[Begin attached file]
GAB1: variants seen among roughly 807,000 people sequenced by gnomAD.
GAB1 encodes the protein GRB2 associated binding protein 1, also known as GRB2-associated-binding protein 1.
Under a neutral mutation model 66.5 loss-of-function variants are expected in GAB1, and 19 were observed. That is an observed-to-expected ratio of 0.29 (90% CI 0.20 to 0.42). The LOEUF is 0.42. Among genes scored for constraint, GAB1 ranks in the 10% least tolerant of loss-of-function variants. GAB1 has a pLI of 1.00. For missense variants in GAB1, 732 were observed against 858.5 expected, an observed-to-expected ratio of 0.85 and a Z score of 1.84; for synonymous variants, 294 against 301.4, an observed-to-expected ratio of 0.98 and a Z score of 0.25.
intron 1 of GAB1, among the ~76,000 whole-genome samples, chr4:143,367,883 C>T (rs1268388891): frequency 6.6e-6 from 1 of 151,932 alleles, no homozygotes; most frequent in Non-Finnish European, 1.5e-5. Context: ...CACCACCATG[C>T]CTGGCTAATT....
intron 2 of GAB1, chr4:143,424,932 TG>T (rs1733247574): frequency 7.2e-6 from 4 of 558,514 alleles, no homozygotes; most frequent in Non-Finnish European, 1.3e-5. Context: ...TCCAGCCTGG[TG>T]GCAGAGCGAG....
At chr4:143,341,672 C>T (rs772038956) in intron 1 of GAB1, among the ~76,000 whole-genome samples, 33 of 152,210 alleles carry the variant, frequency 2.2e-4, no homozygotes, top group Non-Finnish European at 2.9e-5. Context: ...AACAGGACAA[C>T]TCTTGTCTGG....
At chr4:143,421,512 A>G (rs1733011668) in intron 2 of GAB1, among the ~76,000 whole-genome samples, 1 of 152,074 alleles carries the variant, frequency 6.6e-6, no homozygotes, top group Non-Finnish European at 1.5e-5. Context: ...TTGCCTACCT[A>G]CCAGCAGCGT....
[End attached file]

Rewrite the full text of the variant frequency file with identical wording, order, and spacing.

GAB1: variants seen among roughly 807,000 people sequenced by gnomAD.
GAB1 encodes the protein GRB2 associated binding protein 1, also known as GRB2-associated-binding protein 1.
Under a neutral mutation model 66.5 loss-of-function variants are expected in GAB1, and 19 were observed. That is an observed-to-expected ratio of 0.29 (90% CI 0.20 to 0.42). The LOEUF is 0.42. Among genes scored for constraint, GAB1 ranks in the 10% least tolerant of loss-of-function variants. GAB1 has a pLI of 1.00. For missense variants in GAB1, 732 were observed against 858.5 expected, an observed-to-expected ratio of 0.85 and a Z score of 1.84; for synonymous variants, 294 against 301.4, an observed-to-expected ratio of 0.98 and a Z score of 0.25.
intron 1 of GAB1, among the ~76,000 whole-genome samples, chr4:143,367,883 C>T (rs1268388891): frequency 6.6e-6 from 1 of 151,932 alleles, no homozygotes; most frequent in Non-Finnish European, 1.5e-5. Context: ...CACCACCATG[C>T]CTGGCTAATT....
intron 2 of GAB1, chr4:143,424,932 TG>T (rs1733247574): frequency 7.2e-6 from 4 of 558,514 alleles, no homozygotes; most frequent in Non-Finnish European, 1.3e-5. Context: ...TCCAGCCTGG[TG>T]GCAGAGCGAG....
At chr4:143,341,672 C>T (rs772038956) in intron 1 of GAB1, among the ~76,000 whole-genome samples, 33 of 152,210 alleles carry the variant, frequency 2.2e-4, no homozygotes, top group Non-Finnish European at 2.9e-5. Context: ...AACAGGACAA[C>T]TCTTGTCTGG....
At chr4:143,421,512 A>G (rs1733011668) in intron 2 of GAB1, among the ~76,000 whole-genome samples, 1 of 152,074 alleles carries the variant, frequency 6.6e-6, no homozygotes, top group Non-Finnish European at 1.5e-5. Context: ...TTGCCTACCT[A>G]CCAGCAGCGT....